Film Reviews

Film Review: Thoroughbreds

Roger Ebert said, “The purpose of civilization is to be able to empathize with other people, and for me, the movies are like a machine that generate empathy. It’s let you understand a little bit more about different hopes, aspirations, dreams, and fears.”

Thoroughbreds, on the other hand, is a movie about people who realize how much of a nuisance empathy can be.

Playing somewhat like American Psycho-meets-Heathers-meets-It Follows and set in a hyper-affluent New England suburb, Thoroughbreds concerns itself with two teenage girls and their plan to murder someone. Amanda (Olivia Cooke, the Me and Earl and the Dying Girl star I know mostly through her run on Bates Motel) is a literal sociopath and social piranha due to looming charges of animal cruelty connected to her messy mercy killing of a wounded prize horse. Lily (The Witch and Split’s Anya Taylor-Joy) is her estranged childhood friend who suddenly wants to start hanging out together again. Soon enough, Lily asks Amanda to help her kill her douchey stepdad (Paul Sparks).

Not gonna lie – had no idea lawn chess was an actual thing until this movie. Also, of course Amanda is eventually seen moving her knight as part of the game. Got to stick with the horse imagery here, people.

Amanda is someone who would never have thought about killing Lily’s stepdad if she hadn’t been asked, and Lily is someone who never would have thought to ask if she hadn’t met Amanda. Together, they come to embrace just how freeing it is to live a life unencumbered by silly little things like emotions or empathy. The thrust of the narrative is simply watching if and/or how they’ll go through with the murder and if/how they’ll live with themselves afterward.

And that’s it. Throw in a subplot involving Anton Yelchin, in his final film role, as a pathetic drug dealer who briefly gets roped into Amanda and Lily’s plan and acts as the sole representative of any kind of underclass and that’s the whole movie. It’s a black comedy-thriller that is neither particularly funny nor altogether thrilling, at least not conventionally. It is, however, draped head to toe in a wonderful sense of dread, thanks in no small part to an ever-patient camera and remarkably unsettling, percussion-heavy musical score by Erik Friedlander.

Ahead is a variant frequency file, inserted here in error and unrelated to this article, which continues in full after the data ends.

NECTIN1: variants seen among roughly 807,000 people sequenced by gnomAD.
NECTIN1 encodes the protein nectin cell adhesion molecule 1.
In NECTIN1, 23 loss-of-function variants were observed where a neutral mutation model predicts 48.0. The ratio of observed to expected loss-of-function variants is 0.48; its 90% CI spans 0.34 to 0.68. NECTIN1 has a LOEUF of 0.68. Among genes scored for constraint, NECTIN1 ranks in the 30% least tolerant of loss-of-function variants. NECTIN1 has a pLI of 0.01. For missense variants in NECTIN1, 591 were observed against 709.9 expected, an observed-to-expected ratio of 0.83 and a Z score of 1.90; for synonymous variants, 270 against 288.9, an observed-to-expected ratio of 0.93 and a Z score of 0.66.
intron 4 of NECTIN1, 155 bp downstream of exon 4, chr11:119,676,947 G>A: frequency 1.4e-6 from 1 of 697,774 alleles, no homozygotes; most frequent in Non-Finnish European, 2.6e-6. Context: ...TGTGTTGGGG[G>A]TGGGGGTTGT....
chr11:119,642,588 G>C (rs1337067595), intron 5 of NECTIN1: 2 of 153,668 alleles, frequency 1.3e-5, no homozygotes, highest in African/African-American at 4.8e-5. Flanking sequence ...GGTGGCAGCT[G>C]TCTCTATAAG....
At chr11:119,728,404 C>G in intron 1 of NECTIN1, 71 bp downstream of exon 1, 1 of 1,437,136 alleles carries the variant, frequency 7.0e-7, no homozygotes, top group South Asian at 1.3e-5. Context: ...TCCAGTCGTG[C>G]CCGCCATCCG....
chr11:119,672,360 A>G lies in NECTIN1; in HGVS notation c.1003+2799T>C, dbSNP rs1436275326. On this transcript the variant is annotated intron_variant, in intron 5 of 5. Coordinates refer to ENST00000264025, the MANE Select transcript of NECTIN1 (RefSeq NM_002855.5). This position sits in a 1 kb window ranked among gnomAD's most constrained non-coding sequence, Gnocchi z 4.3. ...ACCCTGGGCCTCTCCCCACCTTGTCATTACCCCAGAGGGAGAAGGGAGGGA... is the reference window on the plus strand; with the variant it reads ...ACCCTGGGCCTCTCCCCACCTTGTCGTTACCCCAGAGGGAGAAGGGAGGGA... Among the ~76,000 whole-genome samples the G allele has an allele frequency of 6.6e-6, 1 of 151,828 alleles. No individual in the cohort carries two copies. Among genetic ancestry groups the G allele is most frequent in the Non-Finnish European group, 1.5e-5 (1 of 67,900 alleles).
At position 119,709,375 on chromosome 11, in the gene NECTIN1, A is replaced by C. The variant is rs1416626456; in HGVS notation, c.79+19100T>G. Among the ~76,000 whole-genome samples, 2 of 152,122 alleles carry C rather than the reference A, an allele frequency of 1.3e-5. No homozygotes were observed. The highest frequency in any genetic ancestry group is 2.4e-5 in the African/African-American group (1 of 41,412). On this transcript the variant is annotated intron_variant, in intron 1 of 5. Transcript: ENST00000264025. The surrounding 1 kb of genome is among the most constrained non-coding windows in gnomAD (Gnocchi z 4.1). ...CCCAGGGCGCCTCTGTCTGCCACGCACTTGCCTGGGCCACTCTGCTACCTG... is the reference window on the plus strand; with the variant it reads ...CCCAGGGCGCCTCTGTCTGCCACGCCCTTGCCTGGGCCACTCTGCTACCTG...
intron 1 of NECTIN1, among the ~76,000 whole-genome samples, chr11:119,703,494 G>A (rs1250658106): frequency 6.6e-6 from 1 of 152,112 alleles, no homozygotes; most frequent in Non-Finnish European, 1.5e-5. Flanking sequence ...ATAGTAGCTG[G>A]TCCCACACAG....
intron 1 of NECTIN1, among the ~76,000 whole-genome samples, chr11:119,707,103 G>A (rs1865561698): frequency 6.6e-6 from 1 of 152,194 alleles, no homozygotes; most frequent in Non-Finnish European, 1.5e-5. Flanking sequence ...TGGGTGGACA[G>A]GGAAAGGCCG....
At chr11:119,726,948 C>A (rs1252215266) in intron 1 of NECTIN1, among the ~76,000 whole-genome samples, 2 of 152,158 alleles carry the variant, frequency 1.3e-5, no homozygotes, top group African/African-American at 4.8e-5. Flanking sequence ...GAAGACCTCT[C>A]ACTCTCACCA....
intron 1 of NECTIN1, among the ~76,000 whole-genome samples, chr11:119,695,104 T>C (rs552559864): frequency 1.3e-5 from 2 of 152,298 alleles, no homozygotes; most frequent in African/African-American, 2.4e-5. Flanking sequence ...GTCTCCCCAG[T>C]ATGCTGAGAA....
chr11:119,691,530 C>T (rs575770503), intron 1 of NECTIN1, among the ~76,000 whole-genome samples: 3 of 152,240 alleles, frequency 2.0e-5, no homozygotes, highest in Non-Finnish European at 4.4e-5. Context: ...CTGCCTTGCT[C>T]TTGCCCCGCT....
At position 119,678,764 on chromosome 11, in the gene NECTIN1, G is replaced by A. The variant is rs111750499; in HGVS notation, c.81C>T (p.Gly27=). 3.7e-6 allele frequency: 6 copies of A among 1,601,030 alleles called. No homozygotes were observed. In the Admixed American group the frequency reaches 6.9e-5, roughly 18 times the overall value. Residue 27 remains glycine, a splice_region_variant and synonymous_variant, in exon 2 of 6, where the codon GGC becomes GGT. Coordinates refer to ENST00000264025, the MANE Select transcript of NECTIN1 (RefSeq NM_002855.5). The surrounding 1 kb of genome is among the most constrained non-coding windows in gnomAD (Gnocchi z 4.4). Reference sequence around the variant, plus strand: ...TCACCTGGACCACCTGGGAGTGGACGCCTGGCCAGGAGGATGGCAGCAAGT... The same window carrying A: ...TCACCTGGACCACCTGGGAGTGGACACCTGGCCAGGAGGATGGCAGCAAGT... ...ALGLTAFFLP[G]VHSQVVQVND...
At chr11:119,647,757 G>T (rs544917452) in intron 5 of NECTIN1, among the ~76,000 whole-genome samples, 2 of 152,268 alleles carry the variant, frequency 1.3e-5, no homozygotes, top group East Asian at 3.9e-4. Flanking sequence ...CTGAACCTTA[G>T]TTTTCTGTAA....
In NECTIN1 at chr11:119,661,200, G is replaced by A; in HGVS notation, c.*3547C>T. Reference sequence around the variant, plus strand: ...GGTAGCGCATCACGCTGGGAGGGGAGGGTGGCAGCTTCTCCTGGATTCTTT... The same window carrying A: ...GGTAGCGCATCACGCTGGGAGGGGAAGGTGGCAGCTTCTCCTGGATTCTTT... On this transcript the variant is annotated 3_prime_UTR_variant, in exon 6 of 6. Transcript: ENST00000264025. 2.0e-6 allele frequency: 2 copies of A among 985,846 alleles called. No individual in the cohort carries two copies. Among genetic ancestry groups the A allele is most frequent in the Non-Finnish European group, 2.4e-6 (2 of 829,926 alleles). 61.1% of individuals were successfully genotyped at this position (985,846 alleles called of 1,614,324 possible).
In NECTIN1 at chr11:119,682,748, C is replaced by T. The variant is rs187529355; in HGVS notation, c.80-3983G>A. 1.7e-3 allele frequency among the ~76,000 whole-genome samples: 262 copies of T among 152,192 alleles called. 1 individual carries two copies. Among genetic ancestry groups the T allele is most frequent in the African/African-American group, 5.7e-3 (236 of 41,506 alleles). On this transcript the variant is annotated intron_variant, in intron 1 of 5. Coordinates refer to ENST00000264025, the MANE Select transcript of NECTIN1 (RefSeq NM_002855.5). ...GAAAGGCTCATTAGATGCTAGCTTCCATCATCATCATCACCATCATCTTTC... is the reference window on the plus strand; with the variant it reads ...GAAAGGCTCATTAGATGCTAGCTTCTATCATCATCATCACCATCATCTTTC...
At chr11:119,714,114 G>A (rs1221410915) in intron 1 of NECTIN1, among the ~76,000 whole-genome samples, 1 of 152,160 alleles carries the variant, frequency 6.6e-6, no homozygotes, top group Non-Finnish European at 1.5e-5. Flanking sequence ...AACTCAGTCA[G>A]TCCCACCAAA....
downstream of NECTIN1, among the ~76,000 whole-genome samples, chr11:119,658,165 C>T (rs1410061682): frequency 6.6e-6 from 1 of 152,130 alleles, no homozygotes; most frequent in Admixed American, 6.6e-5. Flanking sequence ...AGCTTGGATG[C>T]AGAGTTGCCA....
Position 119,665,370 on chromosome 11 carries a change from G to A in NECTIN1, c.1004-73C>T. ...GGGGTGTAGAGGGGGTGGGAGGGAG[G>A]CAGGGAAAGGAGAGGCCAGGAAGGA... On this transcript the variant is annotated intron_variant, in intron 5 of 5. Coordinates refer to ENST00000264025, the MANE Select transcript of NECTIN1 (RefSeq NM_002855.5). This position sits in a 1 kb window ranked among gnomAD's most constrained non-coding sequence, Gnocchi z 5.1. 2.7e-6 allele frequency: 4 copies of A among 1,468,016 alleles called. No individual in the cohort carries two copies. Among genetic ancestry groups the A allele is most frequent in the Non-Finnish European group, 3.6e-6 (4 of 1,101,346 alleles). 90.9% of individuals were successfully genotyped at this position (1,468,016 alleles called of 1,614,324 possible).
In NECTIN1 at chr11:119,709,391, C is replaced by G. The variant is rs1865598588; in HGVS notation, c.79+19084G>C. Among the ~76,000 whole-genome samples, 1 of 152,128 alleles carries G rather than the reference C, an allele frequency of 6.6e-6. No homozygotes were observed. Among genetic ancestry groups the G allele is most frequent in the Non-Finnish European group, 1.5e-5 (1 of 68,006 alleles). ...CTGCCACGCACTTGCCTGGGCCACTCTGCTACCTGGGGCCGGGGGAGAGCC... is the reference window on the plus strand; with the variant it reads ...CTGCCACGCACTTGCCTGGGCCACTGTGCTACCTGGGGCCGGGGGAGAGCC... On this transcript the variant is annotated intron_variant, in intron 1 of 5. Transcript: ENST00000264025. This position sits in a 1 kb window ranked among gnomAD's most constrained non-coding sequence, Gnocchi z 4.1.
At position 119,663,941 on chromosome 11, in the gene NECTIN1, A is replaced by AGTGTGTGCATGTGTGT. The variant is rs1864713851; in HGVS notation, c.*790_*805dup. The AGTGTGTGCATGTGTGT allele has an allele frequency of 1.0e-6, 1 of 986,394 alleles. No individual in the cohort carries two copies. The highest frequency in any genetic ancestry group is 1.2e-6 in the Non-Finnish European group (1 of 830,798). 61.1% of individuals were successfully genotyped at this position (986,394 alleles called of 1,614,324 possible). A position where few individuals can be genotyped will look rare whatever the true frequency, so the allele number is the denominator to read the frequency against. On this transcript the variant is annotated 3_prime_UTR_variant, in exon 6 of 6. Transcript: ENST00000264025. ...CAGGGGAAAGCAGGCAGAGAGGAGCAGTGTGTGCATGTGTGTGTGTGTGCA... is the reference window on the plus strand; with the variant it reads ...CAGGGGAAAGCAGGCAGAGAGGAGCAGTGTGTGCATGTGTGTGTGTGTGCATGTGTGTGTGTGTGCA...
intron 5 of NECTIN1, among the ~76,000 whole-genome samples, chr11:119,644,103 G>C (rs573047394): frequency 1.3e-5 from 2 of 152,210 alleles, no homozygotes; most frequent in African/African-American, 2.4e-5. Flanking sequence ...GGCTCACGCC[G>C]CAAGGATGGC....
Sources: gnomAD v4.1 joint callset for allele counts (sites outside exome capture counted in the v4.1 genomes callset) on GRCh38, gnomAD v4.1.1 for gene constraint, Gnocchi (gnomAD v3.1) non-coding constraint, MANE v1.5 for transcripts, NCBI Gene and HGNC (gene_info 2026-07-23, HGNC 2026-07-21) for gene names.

Yelchin’s overwhelmed reaction to the opulence of their mansion versus their complete non-reaction makes for a nice bit of quick class commentary

The film comes to us from a 28-year-old Yale graduate named Cory Finley, who first hatched the idea while tutoring upper-crust Connecticut kids after college. He told IndieWire, “I could always feel the weight of the wealth around me, not just the love in it, but also the violence. At the same time, I also really came to like the kids that I was working with, as any good teacher would.” However, he also worried what the increasingly 1%-oriented world would do to these kids and what that might mean for the rest of us. He feared his students were so inoculated from the rest of the world that they were just a couple of pushes away from viewing everyone as either a maid seeing to their needs (a mindset Lily is accused of having by her step-dad) or an obstacle standing between them and wealth.

So, he came up with the story of a girl who couldn’t feel any emotions and another girl who was willing to learn how to suppress all of her emotions to get ahead in the world. The fact that Lily, in the end, really only wants to kill her stepdad because he occasionally has the gall to tell her what to do and plans on sending her to an elite New England boarding school is entirely the point. What’s been done to her never rises to a more traditional justification for murder, but she’s a rich white girl who suddenly realizes she can get away with just about anything if she simply stops caring about the world and the people in it, even her family and/or “friends.”

Finley initially assumed this would end up being a play but was delighted to turn it into his first movie when Oscar-winning duo Jim Rash and Nat Faxon and The Florida Project’s production company optioned the script.